After initially positing that Appellant failed to preserve an objection on Confrontation Clause grounds,5 the State argues that the law upon which this Court relied in making its rulings in James Edward S.6 was modified on two separate occasions and no longer supports the holding reached in that decision. The United States Supreme Court first modified its Roberts decision by stating in United States v. Inadi, 475 U.S. 387, 106 S.Ct. 1121, 89 L.Ed.2d 390 (1986), that "Roberts cannot be fairly read to stand for the radical proposition that no out-of-court statement can be introduced by the government without a showing that the declarant is unavailable." Inadi, 475 U.S. at 394, 106 S.Ct. 1121. The Court unabashedly explained in Inadi that the Roberts decision was expressly limited to its facts—the admission at trial of the transcript of a probable cause hearing where a witness failed to appear despite being subpoenaed. Id. Later, in White v. Illinois, 502 U.S. 346, 112 S.Ct. 736, 116 L.Ed.2d 848 (1992), the United States Supreme Court reemphasized that "Roberts stands for the proposition that the unavailability analysis is a necessary part of the Confrontation Clause inquiry only when the challenged out-of-court statements were made in the course of a prior judicial proceeding."7 White, 502 U.S. at 354, 112 S.Ct.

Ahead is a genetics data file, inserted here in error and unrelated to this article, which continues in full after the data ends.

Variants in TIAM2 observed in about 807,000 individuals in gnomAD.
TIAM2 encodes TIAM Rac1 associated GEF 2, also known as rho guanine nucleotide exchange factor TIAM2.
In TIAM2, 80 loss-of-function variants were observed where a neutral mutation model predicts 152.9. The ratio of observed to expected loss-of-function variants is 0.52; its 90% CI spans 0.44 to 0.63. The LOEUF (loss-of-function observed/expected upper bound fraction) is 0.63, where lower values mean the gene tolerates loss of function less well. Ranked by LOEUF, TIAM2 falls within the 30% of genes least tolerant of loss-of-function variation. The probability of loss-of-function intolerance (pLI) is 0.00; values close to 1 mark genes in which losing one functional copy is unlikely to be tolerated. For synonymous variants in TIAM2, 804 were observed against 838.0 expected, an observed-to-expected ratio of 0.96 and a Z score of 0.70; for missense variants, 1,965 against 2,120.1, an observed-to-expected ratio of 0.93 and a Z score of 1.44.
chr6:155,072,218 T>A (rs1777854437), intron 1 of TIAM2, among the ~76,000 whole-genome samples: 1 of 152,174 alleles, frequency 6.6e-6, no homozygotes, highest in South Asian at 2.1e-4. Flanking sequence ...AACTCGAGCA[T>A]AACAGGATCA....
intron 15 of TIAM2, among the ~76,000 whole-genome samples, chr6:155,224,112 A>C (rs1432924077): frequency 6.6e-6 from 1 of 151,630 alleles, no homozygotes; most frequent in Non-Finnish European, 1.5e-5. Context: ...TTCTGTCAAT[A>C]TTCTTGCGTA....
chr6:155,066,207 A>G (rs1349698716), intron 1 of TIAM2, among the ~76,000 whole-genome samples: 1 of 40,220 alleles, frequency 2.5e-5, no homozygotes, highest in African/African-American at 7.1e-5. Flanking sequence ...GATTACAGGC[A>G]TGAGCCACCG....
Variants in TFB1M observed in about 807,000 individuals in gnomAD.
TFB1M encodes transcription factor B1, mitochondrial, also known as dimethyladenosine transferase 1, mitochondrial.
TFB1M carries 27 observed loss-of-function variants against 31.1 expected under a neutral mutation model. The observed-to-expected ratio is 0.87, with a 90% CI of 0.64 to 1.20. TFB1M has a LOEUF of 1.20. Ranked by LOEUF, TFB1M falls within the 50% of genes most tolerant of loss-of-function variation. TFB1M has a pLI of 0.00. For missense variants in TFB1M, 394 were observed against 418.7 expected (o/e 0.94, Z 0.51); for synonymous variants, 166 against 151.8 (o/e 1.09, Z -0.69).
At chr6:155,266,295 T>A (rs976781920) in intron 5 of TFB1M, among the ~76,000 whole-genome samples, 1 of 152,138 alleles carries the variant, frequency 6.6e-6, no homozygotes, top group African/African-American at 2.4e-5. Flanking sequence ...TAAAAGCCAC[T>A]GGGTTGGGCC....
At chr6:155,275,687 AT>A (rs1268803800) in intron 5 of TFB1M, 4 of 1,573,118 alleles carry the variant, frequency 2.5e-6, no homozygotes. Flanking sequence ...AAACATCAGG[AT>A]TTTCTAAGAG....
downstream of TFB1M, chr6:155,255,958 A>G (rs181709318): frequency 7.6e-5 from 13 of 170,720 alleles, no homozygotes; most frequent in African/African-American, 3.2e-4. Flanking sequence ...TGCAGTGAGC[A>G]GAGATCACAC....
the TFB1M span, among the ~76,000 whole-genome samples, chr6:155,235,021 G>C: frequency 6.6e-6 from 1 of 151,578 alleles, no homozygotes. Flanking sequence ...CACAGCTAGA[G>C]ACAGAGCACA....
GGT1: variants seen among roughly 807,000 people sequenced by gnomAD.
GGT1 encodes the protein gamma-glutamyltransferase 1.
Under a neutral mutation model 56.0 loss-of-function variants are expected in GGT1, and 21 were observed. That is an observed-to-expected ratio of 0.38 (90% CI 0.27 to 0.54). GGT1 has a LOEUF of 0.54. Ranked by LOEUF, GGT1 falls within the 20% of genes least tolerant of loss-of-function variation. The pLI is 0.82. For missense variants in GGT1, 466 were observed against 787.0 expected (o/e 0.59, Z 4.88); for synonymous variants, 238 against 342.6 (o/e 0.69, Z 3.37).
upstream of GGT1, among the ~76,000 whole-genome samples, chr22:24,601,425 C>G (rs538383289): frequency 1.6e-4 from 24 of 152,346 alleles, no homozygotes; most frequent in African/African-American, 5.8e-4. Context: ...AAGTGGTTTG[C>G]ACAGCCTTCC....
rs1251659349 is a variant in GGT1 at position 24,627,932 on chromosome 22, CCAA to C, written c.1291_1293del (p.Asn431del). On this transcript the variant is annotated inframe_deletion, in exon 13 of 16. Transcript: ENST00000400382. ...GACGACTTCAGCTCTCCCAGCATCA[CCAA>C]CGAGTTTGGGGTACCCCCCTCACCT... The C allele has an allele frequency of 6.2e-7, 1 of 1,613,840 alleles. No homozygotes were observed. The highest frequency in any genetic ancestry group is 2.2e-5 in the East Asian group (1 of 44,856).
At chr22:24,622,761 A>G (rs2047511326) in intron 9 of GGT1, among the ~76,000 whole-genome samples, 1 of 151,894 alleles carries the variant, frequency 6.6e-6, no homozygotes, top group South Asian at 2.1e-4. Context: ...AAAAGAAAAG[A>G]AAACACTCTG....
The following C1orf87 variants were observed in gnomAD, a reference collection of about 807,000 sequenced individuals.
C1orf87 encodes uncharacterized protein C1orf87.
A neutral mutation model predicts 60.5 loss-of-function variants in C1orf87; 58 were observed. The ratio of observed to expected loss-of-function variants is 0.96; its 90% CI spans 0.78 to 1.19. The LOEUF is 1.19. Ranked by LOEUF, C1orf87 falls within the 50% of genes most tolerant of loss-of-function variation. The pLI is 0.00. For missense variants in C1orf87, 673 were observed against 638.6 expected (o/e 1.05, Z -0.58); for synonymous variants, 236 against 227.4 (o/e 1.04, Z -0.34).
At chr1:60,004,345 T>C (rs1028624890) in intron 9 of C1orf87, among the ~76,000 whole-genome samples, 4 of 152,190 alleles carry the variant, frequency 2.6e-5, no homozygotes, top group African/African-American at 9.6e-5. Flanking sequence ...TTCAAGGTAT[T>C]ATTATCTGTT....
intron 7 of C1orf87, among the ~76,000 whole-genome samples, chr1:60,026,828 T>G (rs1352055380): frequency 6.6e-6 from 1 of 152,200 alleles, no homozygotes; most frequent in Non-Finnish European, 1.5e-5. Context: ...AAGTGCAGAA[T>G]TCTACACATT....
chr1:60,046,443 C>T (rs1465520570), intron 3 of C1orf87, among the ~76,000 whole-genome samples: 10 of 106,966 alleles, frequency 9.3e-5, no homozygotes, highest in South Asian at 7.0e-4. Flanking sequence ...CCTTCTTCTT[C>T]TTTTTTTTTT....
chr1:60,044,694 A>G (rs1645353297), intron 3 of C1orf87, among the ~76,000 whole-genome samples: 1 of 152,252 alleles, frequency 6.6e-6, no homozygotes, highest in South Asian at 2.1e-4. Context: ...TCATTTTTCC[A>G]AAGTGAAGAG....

517 S.E.2d 462
736. Based on the limitations imposed by the United States Supreme Court to the Roberts decision, the State convincingly argues that James Edward S. is no longer valid precedent with regard to Appellant's contention regarding unavailability. We agree. Accordingly, we modify our holding in James Edward S. to comply with the United States Supreme Court's subsequent pronouncements regarding the application of its decision in Roberts, to hold that the unavailability prong of the Confrontation Clause inquiry required by syllabus point one of James Edward S. is only invoked when the challenged extrajudicial statements were made in a prior judicial proceeding.8 See White, 502 U.S. at 354, 112 S.Ct. 736. Given the fact that the extrajudicial statement in this case—the autopsy report—does not involve statements given in a prior judicial proceeding, we conclude that the unavailability analysis pertinent to the Confrontation Clause inquiry under James Edward S. is not applicable.